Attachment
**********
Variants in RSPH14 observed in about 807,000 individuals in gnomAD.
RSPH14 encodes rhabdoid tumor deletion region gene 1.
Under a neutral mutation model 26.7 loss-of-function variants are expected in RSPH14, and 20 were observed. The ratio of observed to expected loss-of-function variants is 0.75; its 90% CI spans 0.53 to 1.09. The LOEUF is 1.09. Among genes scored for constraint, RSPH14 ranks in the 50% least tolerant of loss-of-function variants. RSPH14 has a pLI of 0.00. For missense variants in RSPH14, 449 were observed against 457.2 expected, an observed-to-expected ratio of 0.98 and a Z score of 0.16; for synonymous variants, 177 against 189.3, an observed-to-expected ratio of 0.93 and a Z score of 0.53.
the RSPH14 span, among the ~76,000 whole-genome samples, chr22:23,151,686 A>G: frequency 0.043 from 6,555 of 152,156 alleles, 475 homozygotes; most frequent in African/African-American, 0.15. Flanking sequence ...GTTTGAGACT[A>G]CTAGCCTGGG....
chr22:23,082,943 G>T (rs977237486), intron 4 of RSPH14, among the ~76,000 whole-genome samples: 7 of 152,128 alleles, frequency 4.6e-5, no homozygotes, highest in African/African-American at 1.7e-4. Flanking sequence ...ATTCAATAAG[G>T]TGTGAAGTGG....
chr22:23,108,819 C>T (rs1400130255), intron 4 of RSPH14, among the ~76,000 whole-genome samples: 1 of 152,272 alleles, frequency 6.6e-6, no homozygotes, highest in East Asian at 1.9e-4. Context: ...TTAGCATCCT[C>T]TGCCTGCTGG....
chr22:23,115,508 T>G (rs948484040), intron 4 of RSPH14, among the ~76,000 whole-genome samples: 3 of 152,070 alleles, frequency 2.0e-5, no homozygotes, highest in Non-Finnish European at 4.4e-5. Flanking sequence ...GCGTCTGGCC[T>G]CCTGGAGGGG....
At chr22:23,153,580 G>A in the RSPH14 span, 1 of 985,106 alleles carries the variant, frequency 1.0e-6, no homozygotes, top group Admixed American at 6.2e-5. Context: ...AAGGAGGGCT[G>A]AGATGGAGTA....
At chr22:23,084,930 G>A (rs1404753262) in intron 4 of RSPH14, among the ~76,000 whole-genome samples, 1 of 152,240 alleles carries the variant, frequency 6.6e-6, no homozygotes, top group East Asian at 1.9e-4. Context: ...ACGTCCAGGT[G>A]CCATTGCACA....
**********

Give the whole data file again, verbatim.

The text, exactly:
Variants in RSPH14 observed in about 807,000 individuals in gnomAD.
RSPH14 encodes rhabdoid tumor deletion region gene 1.
Under a neutral mutation model 26.7 loss-of-function variants are expected in RSPH14, and 20 were observed. The ratio of observed to expected loss-of-function variants is 0.75; its 90% CI spans 0.53 to 1.09. The LOEUF is 1.09. Among genes scored for constraint, RSPH14 ranks in the 50% least tolerant of loss-of-function variants. RSPH14 has a pLI of 0.00. For missense variants in RSPH14, 449 were observed against 457.2 expected, an observed-to-expected ratio of 0.98 and a Z score of 0.16; for synonymous variants, 177 against 189.3, an observed-to-expected ratio of 0.93 and a Z score of 0.53.
the RSPH14 span, among the ~76,000 whole-genome samples, chr22:23,151,686 A>G: frequency 0.043 from 6,555 of 152,156 alleles, 475 homozygotes; most frequent in African/African-American, 0.15. Flanking sequence ...GTTTGAGACT[A>G]CTAGCCTGGG....
chr22:23,082,943 G>T (rs977237486), intron 4 of RSPH14, among the ~76,000 whole-genome samples: 7 of 152,128 alleles, frequency 4.6e-5, no homozygotes, highest in African/African-American at 1.7e-4. Flanking sequence ...ATTCAATAAG[G>T]TGTGAAGTGG....
chr22:23,108,819 C>T (rs1400130255), intron 4 of RSPH14, among the ~76,000 whole-genome samples: 1 of 152,272 alleles, frequency 6.6e-6, no homozygotes, highest in East Asian at 1.9e-4. Context: ...TTAGCATCCT[C>T]TGCCTGCTGG....
chr22:23,115,508 T>G (rs948484040), intron 4 of RSPH14, among the ~76,000 whole-genome samples: 3 of 152,070 alleles, frequency 2.0e-5, no homozygotes, highest in Non-Finnish European at 4.4e-5. Flanking sequence ...GCGTCTGGCC[T>G]CCTGGAGGGG....
At chr22:23,153,580 G>A in the RSPH14 span, 1 of 985,106 alleles carries the variant, frequency 1.0e-6, no homozygotes, top group Admixed American at 6.2e-5. Context: ...AAGGAGGGCT[G>A]AGATGGAGTA....
At chr22:23,084,930 G>A (rs1404753262) in intron 4 of RSPH14, among the ~76,000 whole-genome samples, 1 of 152,240 alleles carries the variant, frequency 6.6e-6, no homozygotes, top group East Asian at 1.9e-4. Context: ...ACGTCCAGGT[G>A]CCATTGCACA....